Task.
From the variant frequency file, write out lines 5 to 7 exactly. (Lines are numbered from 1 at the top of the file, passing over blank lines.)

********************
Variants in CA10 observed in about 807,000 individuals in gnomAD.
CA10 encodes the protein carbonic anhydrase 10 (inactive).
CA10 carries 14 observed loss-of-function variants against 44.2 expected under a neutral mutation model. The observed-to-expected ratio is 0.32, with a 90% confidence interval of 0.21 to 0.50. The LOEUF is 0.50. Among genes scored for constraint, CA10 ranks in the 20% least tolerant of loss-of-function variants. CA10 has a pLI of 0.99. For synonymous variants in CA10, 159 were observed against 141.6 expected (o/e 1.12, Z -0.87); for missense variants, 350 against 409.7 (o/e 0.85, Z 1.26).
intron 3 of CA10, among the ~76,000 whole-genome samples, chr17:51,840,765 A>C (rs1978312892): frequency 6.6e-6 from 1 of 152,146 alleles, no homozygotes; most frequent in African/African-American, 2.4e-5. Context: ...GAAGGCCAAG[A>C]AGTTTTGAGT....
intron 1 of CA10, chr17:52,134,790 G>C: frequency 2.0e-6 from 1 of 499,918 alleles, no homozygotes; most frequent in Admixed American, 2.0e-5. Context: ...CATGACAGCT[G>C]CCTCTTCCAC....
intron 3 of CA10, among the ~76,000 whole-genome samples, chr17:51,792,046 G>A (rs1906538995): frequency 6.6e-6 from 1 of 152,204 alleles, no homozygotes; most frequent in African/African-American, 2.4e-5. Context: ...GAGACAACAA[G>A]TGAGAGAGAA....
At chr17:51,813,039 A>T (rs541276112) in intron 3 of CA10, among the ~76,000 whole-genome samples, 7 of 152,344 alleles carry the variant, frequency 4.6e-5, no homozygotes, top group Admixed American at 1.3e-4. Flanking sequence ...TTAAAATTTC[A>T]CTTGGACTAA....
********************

intron 1 of CA10, chr17:52,134,790 G>C: frequency 2.0e-6 from 1 of 499,918 alleles, no homozygotes; most frequent in Admixed American, 2.0e-5. Context: ...CATGACAGCT[G>C]CCTCTTCCAC....
intron 3 of CA10, among the ~76,000 whole-genome samples, chr17:51,792,046 G>A (rs1906538995): frequency 6.6e-6 from 1 of 152,204 alleles, no homozygotes; most frequent in African/African-American, 2.4e-5. Context: ...GAGACAACAA[G>A]TGAGAGAGAA....
At chr17:51,813,039 A>T (rs541276112) in intron 3 of CA10, among the ~76,000 whole-genome samples, 7 of 152,344 alleles carry the variant, frequency 4.6e-5, no homozygotes, top group Admixed American at 1.3e-4. Flanking sequence ...TTAAAATTTC[A>T]CTTGGACTAA....